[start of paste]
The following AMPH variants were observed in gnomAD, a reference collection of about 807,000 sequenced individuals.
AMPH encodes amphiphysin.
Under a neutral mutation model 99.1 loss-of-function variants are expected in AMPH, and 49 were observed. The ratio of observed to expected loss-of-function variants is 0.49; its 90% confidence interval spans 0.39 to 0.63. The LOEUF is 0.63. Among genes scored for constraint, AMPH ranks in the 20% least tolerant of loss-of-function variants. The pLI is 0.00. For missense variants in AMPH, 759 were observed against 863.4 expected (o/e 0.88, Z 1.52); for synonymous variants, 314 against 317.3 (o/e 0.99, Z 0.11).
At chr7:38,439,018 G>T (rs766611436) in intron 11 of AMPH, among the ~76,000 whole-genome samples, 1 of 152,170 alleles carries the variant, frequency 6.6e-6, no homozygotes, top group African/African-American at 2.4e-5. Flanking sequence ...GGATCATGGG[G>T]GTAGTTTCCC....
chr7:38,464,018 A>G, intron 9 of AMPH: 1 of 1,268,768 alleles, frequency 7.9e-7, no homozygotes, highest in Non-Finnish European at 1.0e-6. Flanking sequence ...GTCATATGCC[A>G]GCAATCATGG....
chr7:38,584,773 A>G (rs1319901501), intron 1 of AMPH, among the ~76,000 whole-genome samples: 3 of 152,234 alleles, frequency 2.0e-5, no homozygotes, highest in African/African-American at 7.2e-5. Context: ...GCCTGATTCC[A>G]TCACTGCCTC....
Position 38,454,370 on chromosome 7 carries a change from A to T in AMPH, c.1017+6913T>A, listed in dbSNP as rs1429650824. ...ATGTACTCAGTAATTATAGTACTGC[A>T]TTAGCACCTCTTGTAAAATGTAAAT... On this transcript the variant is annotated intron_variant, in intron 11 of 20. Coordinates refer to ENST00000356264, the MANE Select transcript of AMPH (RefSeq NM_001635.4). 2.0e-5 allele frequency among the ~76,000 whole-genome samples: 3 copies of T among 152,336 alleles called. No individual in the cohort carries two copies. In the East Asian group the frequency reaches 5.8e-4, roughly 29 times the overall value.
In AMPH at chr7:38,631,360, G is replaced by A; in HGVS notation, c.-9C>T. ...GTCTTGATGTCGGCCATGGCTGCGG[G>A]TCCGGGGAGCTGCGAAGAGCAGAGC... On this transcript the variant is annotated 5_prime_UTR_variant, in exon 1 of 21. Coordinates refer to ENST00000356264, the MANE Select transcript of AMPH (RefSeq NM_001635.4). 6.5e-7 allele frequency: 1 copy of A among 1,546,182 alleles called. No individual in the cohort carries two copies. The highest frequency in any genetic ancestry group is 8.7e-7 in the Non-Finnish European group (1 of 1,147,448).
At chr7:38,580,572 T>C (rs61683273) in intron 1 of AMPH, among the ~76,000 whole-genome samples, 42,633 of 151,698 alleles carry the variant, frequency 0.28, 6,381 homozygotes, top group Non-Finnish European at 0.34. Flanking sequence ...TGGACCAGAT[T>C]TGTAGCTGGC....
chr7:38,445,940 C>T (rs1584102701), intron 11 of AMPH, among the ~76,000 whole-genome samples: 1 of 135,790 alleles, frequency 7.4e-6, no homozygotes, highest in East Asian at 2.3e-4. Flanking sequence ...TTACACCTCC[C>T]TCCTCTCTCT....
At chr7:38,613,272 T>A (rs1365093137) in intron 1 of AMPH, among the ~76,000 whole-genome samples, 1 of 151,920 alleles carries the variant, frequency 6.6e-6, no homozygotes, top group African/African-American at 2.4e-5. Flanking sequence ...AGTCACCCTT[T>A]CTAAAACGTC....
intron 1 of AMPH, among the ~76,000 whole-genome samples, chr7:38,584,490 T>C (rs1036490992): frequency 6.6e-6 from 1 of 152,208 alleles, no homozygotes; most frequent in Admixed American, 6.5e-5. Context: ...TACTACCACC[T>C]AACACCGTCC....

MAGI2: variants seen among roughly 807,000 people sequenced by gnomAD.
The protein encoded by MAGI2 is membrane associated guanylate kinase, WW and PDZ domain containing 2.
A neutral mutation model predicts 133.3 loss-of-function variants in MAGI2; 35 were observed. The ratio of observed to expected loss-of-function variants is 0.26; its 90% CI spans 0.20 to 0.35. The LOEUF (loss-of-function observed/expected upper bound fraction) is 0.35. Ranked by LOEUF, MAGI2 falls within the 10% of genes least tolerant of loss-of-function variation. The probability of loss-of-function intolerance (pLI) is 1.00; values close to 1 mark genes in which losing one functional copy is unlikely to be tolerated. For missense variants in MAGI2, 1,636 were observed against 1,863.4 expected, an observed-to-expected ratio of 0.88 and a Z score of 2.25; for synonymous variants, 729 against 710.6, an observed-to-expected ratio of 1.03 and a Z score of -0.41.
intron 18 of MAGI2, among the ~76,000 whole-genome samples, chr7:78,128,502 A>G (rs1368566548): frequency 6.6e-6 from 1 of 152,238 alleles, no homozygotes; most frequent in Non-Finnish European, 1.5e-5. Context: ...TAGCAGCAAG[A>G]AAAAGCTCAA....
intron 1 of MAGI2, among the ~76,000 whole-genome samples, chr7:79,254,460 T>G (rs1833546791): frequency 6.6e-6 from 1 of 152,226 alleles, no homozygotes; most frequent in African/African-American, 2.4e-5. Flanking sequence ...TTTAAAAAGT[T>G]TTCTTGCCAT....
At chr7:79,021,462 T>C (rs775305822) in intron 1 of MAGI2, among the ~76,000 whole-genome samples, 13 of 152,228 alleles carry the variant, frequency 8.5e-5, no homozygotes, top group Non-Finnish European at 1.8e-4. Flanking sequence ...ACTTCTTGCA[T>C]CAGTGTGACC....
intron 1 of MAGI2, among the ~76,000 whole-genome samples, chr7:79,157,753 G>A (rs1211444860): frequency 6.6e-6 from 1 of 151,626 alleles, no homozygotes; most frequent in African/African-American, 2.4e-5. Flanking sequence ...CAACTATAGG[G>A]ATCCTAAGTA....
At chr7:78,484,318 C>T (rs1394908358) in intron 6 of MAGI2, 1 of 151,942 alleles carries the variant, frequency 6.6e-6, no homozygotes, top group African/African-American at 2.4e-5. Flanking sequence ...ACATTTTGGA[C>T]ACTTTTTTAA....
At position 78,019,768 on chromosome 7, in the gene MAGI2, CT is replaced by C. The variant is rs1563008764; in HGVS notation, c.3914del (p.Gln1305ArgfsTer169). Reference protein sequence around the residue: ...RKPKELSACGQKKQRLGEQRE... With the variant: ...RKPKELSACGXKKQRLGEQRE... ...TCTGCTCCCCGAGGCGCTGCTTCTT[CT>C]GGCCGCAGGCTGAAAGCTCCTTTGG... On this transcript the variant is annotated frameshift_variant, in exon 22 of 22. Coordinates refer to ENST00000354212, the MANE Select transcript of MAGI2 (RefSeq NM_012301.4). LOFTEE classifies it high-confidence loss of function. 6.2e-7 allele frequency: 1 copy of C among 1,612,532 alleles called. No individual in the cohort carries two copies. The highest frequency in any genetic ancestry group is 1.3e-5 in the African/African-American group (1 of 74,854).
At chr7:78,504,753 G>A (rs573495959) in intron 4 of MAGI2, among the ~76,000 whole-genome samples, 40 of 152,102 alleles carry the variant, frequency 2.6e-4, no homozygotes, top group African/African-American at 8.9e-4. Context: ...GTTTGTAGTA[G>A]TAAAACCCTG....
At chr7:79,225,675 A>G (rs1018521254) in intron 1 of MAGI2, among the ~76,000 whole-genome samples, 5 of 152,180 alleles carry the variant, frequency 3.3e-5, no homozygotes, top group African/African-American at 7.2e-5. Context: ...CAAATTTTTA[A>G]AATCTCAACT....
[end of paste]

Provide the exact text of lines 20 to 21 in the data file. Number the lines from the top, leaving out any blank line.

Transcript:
At chr7:78,484,318 C>T (rs1394908358) in intron 6 of MAGI2, 1 of 151,942 alleles carries the variant, frequency 6.6e-6, no homozygotes, top group African/African-American at 2.4e-5. Flanking sequence ...ACATTTTGGA[C>T]ACTTTTTTAA....
At position 78,019,768 on chromosome 7, in the gene MAGI2, CT is replaced by C. The variant is rs1563008764; in HGVS notation, c.3914del (p.Gln1305ArgfsTer169). Reference protein sequence around the residue: ...RKPKELSACGQKKQRLGEQRE... With the variant: ...RKPKELSACGXKKQRLGEQRE... ...TCTGCTCCCCGAGGCGCTGCTTCTT[CT>C]GGCCGCAGGCTGAAAGCTCCTTTGG... On this transcript the variant is annotated frameshift_variant, in exon 22 of 22. Coordinates refer to ENST00000354212, the MANE Select transcript of MAGI2 (RefSeq NM_012301.4). LOFTEE classifies it high-confidence loss of function. 6.2e-7 allele frequency: 1 copy of C among 1,612,532 alleles called. No individual in the cohort carries two copies. The highest frequency in any genetic ancestry group is 1.3e-5 in the African/African-American group (1 of 74,854).